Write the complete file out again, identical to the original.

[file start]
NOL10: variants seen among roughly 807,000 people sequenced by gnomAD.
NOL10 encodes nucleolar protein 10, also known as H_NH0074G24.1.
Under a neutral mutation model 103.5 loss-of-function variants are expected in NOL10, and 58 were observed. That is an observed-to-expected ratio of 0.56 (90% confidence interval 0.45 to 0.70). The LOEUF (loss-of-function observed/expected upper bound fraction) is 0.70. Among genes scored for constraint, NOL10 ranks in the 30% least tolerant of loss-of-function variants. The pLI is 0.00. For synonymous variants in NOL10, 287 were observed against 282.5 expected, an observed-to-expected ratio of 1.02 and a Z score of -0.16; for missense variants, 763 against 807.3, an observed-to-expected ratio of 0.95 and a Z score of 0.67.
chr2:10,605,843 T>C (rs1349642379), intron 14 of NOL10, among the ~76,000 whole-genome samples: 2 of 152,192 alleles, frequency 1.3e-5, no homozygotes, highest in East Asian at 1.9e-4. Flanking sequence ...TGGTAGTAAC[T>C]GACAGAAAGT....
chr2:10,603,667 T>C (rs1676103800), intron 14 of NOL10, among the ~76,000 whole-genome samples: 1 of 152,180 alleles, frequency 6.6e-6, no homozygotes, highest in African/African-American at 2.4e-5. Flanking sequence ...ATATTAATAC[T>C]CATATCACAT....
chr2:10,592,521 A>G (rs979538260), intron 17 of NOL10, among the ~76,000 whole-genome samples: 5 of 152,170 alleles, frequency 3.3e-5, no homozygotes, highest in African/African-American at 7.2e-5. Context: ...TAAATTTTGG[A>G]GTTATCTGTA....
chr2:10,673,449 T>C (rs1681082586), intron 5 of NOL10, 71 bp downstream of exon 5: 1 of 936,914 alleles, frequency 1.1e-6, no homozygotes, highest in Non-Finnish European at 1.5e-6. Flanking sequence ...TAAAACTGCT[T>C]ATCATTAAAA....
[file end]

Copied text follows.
NOL10: variants seen among roughly 807,000 people sequenced by gnomAD.
NOL10 encodes nucleolar protein 10, also known as H_NH0074G24.1.
Under a neutral mutation model 103.5 loss-of-function variants are expected in NOL10, and 58 were observed. That is an observed-to-expected ratio of 0.56 (90% confidence interval 0.45 to 0.70). The LOEUF (loss-of-function observed/expected upper bound fraction) is 0.70. Among genes scored for constraint, NOL10 ranks in the 30% least tolerant of loss-of-function variants. The pLI is 0.00. For synonymous variants in NOL10, 287 were observed against 282.5 expected, an observed-to-expected ratio of 1.02 and a Z score of -0.16; for missense variants, 763 against 807.3, an observed-to-expected ratio of 0.95 and a Z score of 0.67.
chr2:10,605,843 T>C (rs1349642379), intron 14 of NOL10, among the ~76,000 whole-genome samples: 2 of 152,192 alleles, frequency 1.3e-5, no homozygotes, highest in East Asian at 1.9e-4. Flanking sequence ...TGGTAGTAAC[T>C]GACAGAAAGT....
chr2:10,603,667 T>C (rs1676103800), intron 14 of NOL10, among the ~76,000 whole-genome samples: 1 of 152,180 alleles, frequency 6.6e-6, no homozygotes, highest in African/African-American at 2.4e-5. Flanking sequence ...ATATTAATAC[T>C]CATATCACAT....
chr2:10,592,521 A>G (rs979538260), intron 17 of NOL10, among the ~76,000 whole-genome samples: 5 of 152,170 alleles, frequency 3.3e-5, no homozygotes, highest in African/African-American at 7.2e-5. Context: ...TAAATTTTGG[A>G]GTTATCTGTA....
chr2:10,673,449 T>C (rs1681082586), intron 5 of NOL10, 71 bp downstream of exon 5: 1 of 936,914 alleles, frequency 1.1e-6, no homozygotes, highest in Non-Finnish European at 1.5e-6. Flanking sequence ...TAAAACTGCT[T>C]ATCATTAAAA....